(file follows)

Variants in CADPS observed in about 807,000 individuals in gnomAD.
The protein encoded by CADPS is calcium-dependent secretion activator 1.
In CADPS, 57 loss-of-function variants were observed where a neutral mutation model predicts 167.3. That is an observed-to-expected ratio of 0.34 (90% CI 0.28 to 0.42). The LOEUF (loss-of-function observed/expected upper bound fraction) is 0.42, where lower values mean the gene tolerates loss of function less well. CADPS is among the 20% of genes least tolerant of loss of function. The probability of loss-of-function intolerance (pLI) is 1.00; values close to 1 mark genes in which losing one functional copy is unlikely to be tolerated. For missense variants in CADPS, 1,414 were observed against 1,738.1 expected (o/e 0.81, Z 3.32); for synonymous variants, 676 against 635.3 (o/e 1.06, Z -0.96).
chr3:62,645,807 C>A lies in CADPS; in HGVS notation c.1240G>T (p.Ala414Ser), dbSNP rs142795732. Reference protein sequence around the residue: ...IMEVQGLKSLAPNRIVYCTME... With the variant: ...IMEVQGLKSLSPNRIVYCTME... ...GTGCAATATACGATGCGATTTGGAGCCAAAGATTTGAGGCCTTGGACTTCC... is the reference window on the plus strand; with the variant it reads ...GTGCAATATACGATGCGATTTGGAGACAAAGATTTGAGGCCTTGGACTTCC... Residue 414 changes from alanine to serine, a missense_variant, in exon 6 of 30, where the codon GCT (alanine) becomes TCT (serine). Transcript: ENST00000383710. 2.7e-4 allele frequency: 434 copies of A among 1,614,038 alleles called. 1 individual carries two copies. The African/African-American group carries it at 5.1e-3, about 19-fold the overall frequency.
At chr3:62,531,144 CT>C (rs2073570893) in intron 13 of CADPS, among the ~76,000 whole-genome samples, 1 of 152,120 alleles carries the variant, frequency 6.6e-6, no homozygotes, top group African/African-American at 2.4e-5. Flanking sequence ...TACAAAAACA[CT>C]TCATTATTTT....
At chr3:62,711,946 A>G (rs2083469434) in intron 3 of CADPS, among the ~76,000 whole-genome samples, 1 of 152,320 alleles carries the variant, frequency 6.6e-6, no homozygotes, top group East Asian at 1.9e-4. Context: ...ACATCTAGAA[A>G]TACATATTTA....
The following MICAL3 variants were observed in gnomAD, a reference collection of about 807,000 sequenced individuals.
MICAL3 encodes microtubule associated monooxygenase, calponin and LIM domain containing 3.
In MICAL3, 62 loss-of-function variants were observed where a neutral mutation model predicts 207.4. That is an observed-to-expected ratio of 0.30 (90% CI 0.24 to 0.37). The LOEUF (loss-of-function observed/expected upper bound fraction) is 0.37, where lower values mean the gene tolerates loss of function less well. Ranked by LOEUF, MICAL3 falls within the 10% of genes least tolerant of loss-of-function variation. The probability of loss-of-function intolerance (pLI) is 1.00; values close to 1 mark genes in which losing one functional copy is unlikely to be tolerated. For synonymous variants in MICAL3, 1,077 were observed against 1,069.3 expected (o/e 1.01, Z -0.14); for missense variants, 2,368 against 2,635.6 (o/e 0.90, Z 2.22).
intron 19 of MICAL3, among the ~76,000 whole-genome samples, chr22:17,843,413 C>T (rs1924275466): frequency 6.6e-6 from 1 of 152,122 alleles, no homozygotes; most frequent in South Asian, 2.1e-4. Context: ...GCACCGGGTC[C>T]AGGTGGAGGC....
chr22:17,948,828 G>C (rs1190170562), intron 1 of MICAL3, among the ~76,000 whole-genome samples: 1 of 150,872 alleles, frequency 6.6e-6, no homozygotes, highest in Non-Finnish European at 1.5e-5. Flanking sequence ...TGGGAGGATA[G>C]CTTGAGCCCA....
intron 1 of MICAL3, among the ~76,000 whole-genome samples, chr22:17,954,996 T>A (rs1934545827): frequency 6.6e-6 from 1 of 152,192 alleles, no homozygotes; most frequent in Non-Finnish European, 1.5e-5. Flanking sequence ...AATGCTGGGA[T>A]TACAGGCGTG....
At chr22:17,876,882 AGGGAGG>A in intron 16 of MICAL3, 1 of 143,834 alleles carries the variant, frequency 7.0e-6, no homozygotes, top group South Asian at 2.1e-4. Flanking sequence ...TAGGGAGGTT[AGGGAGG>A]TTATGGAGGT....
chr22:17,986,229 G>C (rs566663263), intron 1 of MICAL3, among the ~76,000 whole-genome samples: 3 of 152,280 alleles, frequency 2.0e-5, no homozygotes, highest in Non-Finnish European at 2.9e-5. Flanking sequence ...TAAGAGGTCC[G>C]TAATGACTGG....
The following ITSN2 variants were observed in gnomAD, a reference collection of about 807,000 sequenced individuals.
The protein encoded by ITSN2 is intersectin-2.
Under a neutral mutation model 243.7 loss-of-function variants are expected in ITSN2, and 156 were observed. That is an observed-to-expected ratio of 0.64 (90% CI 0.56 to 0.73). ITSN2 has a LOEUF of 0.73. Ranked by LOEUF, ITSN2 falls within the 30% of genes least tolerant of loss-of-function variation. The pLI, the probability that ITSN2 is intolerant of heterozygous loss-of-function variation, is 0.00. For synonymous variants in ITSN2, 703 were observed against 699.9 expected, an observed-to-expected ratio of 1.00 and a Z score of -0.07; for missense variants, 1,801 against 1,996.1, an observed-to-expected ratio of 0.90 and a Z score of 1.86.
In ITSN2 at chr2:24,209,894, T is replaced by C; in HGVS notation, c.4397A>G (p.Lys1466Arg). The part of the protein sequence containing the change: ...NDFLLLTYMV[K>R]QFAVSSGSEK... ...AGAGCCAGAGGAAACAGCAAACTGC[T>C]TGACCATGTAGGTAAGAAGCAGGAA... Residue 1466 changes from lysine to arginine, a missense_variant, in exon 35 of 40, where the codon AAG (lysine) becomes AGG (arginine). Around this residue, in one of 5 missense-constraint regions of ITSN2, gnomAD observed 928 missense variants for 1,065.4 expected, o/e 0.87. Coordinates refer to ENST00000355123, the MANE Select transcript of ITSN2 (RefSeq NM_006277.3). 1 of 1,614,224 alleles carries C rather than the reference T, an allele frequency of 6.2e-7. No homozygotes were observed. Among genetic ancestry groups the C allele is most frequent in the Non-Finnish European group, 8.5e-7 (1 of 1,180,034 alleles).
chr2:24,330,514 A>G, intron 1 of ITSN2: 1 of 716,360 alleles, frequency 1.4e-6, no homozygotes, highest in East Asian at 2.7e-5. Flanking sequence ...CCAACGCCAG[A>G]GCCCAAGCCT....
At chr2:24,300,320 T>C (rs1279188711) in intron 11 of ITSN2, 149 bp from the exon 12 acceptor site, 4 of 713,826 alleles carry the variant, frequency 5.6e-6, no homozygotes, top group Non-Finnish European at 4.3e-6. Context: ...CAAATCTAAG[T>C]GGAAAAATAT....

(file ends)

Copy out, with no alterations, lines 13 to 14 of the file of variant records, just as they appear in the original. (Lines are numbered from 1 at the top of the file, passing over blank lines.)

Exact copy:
At chr22:17,876,882 AGGGAGG>A in intron 16 of MICAL3, 1 of 143,834 alleles carries the variant, frequency 7.0e-6, no homozygotes, top group South Asian at 2.1e-4. Flanking sequence ...TAGGGAGGTT[AGGGAGG>A]TTATGGAGGT....
chr22:17,986,229 G>C (rs566663263), intron 1 of MICAL3, among the ~76,000 whole-genome samples: 3 of 152,280 alleles, frequency 2.0e-5, no homozygotes, highest in Non-Finnish European at 2.9e-5. Flanking sequence ...TAAGAGGTCC[G>C]TAATGACTGG....